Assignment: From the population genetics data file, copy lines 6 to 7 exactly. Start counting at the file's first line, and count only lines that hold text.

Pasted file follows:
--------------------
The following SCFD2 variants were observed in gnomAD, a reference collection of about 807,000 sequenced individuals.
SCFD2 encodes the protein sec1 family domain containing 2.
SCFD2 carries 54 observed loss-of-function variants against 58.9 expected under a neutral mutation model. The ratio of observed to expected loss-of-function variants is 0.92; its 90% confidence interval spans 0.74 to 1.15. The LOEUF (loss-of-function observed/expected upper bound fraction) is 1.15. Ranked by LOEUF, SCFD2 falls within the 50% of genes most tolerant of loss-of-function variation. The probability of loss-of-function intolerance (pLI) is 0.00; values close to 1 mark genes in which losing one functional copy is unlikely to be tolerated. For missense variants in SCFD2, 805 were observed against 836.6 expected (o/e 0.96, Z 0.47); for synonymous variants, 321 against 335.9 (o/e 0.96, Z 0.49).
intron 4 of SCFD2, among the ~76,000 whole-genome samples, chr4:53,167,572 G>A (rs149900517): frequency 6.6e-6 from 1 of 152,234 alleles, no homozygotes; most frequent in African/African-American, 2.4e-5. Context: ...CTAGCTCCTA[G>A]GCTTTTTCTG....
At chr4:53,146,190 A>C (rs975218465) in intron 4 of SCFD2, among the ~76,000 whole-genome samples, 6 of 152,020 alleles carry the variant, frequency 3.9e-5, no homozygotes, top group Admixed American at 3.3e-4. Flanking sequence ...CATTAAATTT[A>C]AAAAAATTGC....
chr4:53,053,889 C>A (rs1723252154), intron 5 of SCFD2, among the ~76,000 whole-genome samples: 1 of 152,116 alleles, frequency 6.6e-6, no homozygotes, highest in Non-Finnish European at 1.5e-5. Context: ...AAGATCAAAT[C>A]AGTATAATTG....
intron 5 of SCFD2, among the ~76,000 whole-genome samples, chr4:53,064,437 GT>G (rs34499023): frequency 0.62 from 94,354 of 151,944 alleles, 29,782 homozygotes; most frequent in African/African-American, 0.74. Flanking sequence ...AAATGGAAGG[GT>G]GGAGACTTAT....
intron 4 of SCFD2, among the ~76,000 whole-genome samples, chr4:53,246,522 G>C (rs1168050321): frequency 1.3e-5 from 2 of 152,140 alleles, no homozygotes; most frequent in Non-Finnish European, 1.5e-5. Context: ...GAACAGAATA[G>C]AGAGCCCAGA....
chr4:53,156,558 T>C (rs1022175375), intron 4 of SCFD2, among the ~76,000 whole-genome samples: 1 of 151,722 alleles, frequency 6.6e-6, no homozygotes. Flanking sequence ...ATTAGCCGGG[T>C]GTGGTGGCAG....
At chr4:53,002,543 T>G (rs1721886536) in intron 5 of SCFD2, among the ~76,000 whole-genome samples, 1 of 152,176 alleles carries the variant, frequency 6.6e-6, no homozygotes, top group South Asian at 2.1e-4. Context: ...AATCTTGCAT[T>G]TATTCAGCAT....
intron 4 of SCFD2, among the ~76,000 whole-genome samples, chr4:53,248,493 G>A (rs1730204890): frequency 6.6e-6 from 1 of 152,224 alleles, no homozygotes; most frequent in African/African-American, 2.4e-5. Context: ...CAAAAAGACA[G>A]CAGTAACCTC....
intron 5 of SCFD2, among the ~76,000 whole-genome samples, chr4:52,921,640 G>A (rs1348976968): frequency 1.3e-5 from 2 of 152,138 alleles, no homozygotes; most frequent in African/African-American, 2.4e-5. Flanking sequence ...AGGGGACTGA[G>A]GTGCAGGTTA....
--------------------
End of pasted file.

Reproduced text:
chr4:53,053,889 C>A (rs1723252154), intron 5 of SCFD2, among the ~76,000 whole-genome samples: 1 of 152,116 alleles, frequency 6.6e-6, no homozygotes, highest in Non-Finnish European at 1.5e-5. Context: ...AAGATCAAAT[C>A]AGTATAATTG....
intron 5 of SCFD2, among the ~76,000 whole-genome samples, chr4:53,064,437 GT>G (rs34499023): frequency 0.62 from 94,354 of 151,944 alleles, 29,782 homozygotes; most frequent in African/African-American, 0.74. Flanking sequence ...AAATGGAAGG[GT>G]GGAGACTTAT....